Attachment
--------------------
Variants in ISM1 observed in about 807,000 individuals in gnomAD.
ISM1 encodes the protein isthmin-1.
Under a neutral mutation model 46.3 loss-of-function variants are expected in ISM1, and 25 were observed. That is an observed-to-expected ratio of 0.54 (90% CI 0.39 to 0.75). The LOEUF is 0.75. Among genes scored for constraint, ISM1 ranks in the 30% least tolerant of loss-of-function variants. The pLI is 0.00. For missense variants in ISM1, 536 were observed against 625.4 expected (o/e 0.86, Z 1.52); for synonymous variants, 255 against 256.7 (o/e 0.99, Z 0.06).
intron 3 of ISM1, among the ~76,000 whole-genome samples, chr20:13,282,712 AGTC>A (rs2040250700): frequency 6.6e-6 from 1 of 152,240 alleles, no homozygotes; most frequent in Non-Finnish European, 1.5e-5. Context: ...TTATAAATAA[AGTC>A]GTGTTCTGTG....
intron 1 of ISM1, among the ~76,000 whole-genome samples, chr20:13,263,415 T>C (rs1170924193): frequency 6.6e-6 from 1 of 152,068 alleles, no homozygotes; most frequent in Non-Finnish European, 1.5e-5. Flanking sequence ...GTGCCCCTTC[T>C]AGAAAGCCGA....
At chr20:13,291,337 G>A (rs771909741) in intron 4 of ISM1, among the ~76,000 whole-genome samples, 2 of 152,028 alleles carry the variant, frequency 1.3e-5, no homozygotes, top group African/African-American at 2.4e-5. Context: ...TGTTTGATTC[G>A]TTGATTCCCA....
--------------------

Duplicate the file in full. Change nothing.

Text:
Variants in ISM1 observed in about 807,000 individuals in gnomAD.
ISM1 encodes the protein isthmin-1.
Under a neutral mutation model 46.3 loss-of-function variants are expected in ISM1, and 25 were observed. That is an observed-to-expected ratio of 0.54 (90% CI 0.39 to 0.75). The LOEUF is 0.75. Among genes scored for constraint, ISM1 ranks in the 30% least tolerant of loss-of-function variants. The pLI is 0.00. For missense variants in ISM1, 536 were observed against 625.4 expected (o/e 0.86, Z 1.52); for synonymous variants, 255 against 256.7 (o/e 0.99, Z 0.06).
intron 3 of ISM1, among the ~76,000 whole-genome samples, chr20:13,282,712 AGTC>A (rs2040250700): frequency 6.6e-6 from 1 of 152,240 alleles, no homozygotes; most frequent in Non-Finnish European, 1.5e-5. Context: ...TTATAAATAA[AGTC>A]GTGTTCTGTG....
intron 1 of ISM1, among the ~76,000 whole-genome samples, chr20:13,263,415 T>C (rs1170924193): frequency 6.6e-6 from 1 of 152,068 alleles, no homozygotes; most frequent in Non-Finnish European, 1.5e-5. Flanking sequence ...GTGCCCCTTC[T>C]AGAAAGCCGA....
At chr20:13,291,337 G>A (rs771909741) in intron 4 of ISM1, among the ~76,000 whole-genome samples, 2 of 152,028 alleles carry the variant, frequency 1.3e-5, no homozygotes, top group African/African-American at 2.4e-5. Context: ...TGTTTGATTC[G>A]TTGATTCCCA....